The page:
This material must not be used for commercial purposes, or in any hospital or medical facility. Failure to comply may result in legal action.
What you need to know about knee manipulation:
Knee manipulation is a procedure to treat knee stiffness and decreased range of motion. After trauma or knee surgery, scar tissue can form in your joint. The scar tissue does not allow you to fully bend or straighten your leg. Knee manipulation breaks up the scar tissue that has formed.
How to prepare for knee manipulation:
Your healthcare provider will tell you how to prepare for your procedure. He or she may tell you not to eat or drink after midnight the day before your procedure. He or she will tell you what medicine to take or not take before your procedure. You may need to stop taking blood thinner medicine or NSAIDs several days before your procedure. Ask someone to drive you home and stay with you for at least a day after your procedure.
What will happen during knee manipulation:
You will be given general anesthesia to keep you asleep and free from pain during your procedure. Your healthcare provider will move your knee in different directions. He or she will repeat this several times. Movement helps break up scar tissue and increases your range of motion.
What you can expect after knee manipulation:
You may have pain and swelling in your knee for a few days. It may take several weeks for your range of motion and stiffness to improve. You may start physical therapy the day after your knee manipulation. This helps prevent your knee from becoming stiff again.
Risks of knee manipulation:
Knee manipulation may cause 1 or more leg bones to break. It may also damage the ligaments and tendons in your leg. You may still have stiffness or problems moving your knee after knee manipulation.
Seek care immediately if:
- You cannot move your knee.
- Your pain and swelling suddenly become worse.
- You have numbness or tingling in your leg or foot.
Contact your healthcare provider if:
- Your pain does not get better after you take pain medicine.
- You develop a rash or hives.
- You have questions or concerns about your condition or care.
- Prescription pain medicine may be given. Ask your healthcare provider how to take this medicine safely. Some prescription pain medicines contain acetaminophen. Do not take other medicines that contain acetaminophen without talking to your healthcare provider. Too much acetaminophen may cause liver damage. Prescription pain medicine may cause constipation. Ask your healthcare provider how to prevent or treat constipation.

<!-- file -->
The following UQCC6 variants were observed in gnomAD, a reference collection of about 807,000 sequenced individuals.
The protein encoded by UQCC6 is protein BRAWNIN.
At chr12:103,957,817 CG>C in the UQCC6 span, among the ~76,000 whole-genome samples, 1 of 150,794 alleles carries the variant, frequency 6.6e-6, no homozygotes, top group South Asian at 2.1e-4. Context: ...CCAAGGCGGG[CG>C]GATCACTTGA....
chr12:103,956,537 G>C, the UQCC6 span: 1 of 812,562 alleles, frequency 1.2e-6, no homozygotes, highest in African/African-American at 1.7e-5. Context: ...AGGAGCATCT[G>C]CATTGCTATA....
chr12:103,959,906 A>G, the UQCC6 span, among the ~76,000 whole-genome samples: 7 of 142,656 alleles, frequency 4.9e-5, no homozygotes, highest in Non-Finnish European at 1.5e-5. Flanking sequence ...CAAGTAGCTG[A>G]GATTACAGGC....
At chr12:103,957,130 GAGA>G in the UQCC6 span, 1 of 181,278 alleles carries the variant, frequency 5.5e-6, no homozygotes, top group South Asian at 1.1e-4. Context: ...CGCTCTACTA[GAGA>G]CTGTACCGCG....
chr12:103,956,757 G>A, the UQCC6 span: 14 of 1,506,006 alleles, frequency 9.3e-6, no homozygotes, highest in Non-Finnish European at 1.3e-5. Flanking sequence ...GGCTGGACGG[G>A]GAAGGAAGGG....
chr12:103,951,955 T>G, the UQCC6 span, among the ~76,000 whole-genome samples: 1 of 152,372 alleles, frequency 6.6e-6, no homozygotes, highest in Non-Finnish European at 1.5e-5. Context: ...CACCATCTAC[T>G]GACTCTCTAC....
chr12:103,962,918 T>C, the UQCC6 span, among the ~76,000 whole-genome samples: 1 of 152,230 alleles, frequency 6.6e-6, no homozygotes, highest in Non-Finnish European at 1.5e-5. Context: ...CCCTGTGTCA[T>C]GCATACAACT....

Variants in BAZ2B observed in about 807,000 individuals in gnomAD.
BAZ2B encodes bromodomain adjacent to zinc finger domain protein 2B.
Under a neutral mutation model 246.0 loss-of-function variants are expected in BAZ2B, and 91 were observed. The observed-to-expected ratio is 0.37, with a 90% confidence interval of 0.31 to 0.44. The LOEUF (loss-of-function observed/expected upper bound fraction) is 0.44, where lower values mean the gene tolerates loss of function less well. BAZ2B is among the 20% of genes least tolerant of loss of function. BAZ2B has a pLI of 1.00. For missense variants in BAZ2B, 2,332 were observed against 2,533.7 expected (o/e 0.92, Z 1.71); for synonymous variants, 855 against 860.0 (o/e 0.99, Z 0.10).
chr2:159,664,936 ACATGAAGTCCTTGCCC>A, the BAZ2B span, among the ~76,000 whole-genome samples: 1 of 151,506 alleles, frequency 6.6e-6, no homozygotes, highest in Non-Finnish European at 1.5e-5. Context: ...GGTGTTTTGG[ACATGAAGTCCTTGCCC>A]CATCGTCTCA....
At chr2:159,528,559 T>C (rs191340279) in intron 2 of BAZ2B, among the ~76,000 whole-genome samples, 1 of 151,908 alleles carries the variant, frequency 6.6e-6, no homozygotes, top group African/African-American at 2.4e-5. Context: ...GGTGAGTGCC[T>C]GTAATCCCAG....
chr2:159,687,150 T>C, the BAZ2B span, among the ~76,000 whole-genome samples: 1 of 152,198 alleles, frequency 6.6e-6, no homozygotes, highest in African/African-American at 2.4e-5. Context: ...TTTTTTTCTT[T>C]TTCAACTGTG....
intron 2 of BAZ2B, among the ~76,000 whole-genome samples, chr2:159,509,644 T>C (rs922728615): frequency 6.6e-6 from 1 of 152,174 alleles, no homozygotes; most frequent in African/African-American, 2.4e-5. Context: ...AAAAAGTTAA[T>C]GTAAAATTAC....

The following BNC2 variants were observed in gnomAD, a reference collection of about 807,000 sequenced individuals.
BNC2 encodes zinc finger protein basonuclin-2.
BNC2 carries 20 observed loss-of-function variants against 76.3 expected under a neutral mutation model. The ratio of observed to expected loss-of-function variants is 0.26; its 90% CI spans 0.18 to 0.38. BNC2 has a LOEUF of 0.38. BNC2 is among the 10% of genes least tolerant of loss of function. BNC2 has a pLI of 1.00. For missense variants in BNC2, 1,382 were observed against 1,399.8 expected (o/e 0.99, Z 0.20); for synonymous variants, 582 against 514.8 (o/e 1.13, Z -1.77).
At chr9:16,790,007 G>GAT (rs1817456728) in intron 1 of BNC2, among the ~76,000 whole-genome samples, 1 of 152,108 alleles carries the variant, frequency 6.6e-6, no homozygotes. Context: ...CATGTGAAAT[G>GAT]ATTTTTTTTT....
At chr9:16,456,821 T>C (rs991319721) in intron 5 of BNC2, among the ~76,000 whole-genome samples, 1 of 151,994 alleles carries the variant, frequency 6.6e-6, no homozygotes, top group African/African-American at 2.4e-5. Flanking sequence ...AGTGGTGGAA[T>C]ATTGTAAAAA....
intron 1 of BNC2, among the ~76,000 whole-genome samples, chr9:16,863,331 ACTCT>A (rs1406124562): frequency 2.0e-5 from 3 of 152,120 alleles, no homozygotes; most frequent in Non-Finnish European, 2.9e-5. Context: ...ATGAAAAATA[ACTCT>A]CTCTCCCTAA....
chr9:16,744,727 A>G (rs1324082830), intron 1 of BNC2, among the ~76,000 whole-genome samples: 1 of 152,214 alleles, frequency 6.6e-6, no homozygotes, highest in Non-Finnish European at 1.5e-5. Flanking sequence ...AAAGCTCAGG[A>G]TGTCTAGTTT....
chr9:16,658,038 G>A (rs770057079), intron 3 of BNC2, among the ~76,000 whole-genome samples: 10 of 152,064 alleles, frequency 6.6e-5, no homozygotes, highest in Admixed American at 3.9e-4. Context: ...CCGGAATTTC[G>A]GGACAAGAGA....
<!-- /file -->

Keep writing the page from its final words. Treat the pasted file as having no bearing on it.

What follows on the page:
- Take your medicine as directed. Contact your healthcare provider if you think your medicine is not helping or if you have side effects. Tell him of her if you are allergic to any medicine. Keep a list of the medicines, vitamins, and herbs you take. Include the amounts, and when and why you take them. Bring the list or the pill bottles to follow-up visits. Carry your medicine list with you in case of an emergency.
- Apply ice on your knee for 15 to 20 minutes every hour or as directed. Ice helps prevent tissue damage and decreases swelling and pain. Use an ice pack, or put crushed ice in a plastic bag. Cover it with a towel before you apply it to your skin.
- Elevate your knee above the level of your heart as often as you can. This will help decrease swelling and pain. If possible, prop your knee on pillows or blankets to keep it elevated comfortably.
- Do your knee exercises as directed. You will be taught exercises to help strengthen your knee. Exercises will also prevent stiffness and increase your range of motion. If you have a stationary bike at home, you may be asked to ride it. Ride the bicycle for 10 to 15 minutes 2 times each day or as directed.
You may start physical therapy the day after your procedure. A physical therapist teaches you exercises to help improve movement and strength, and to decrease pain. Take pain medicine 1 hour before you go to physical therapy. This will make it easier to exercise your knee.
Follow up with your healthcare provider as directed:
Write down your questions so you remember to ask them during your visits.
© Copyright IBM Corporation 2021 Information is for End User's use only and may not be sold, redistributed or otherwise used for commercial purposes. All illustrations and images included in CareNotes® are the copyrighted property of A.D.A.M., Inc. or IBM Watson Health
The above information is an educational aid only. It is not intended as medical advice for individual conditions or treatments. Talk to your doctor, nurse or pharmacist before following any medical regimen to see if it is safe and effective for you.
Always consult your healthcare provider to ensure the information displayed on this page applies to your personal circumstances.